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Musings of a Veterinarian
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Empathy: I Has It. (Or at least I’m working on it.)

December 07, 2011 By: Dr. K Category: Just For Fun, Opinion

Every now and then I need to remind myself what it’s like to owner a pet without all the knowledge I’ve accrued as a veterinarian. I often find myself diagnosing a limp, finding lumps, and grasping at lymph nodes when I am in the company of my friends and family. That auto pilot is awfully hard to turn off!

Several weeks ago I allowed myself to immerse in the unbridled joy of being a crazy cat lady as I shopped for a kitty staircase for Winston, my debilitated old man. I purposely failed to divulge my career status to the very enthusiastic and obviously crazy cat man who assisted me in my purchase. It was so awesome to just enjoy being a pet owner without the expectation of expertise. Dipping my toes into the non-veterinary pool was so refreshing I’ve decided to plunge wholeheartedly into my reflection and reconnect with my clientele.

If you’ve followed my posts in the past, you’ve realized I’m an all-or-nothing gal; I hate it or I love it. This personality trait proves challenging for a little emotion called empathy. I’ve outlined some of the pet owner quirks that, frankly, drive me nuts and paired each with an empathetic thought process that keeps my sanity and helps me practice better medicine.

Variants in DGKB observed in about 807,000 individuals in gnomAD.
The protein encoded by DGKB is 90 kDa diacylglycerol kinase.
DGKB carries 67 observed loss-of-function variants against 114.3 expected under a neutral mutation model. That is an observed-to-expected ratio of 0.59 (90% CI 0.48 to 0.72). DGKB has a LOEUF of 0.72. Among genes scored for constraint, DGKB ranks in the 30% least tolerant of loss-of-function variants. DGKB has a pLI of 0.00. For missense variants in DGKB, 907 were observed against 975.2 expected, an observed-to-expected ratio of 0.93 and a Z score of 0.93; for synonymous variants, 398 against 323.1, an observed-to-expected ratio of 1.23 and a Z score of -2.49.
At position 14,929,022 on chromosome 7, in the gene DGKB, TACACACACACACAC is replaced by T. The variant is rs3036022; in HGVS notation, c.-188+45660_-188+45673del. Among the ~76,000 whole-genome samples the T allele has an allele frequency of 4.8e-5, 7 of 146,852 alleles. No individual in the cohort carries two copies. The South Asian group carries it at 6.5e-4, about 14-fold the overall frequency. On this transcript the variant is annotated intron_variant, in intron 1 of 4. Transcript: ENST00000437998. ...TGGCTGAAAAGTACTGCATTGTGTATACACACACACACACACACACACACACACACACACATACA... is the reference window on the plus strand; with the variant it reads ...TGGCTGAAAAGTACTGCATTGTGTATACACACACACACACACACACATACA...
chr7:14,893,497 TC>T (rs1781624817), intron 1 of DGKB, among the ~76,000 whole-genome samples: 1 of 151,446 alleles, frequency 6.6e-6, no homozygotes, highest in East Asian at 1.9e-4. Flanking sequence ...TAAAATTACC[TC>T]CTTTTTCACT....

I am trying to better connect with clients while alleviating self-induced irritation. Win-Win!

1. Any Nervous Dog or Cat Has Been Abused

I encounter at least one pet owner a day who believes his pet was abused prior to adoption. The default thought process of an owner is this: “He cowers so he must have been beaten. He barks at men so he must have been abused by one.” If every nervous pet I see was truly abused, every neighbor is a suspect animal abuser.

There’s certainly no harm is believing Fido was beaten under previous ownership but it really chaps my hide when an owner allows this perception to foster bad pet behavior. The perceived abuse provides a scapegoat for their animal’s aggressive behavior and lack of training. Instead of reinforcing good behaviors, owners unwittingly allow the biting, writhing, pain-inducing creature to wreak havoc on me and my staff.  All the while they reinforce the behavior with coddling and praise under the notion that discipline equals abuse!

Empathetic Moment: Human nature, lack of understanding of animal behavior, and compassion drive owners to these conclusions. Submissive behaviors and failure in appropriate socialization most likely account for a majority of these fearful “abuse” cases. However, the truth is abuse does exist and dismissing the idea altogether is a disservice to the pet and owner. Educating owners to the variety of behavior types and teaching them to acclimate their pet to new situations is key.

2. What Breed Do You Think He Is, Doc?

Who cares?!? Okay okay, owners care about their mutt’s constitution. I hate this guessing game because it sets me up for a discussion about a subject I find irrelevant and, it seems, I never tell the owner what they want to hear. Not many owners are keen on me telling them their “Labrador-mix” is actually a Pit Bull. After I’ve offer my best guess, I’m told the groomer/friend/neighbor  has told them it’s an insert-name-here-a-poo and they agree with them over me. *face palms*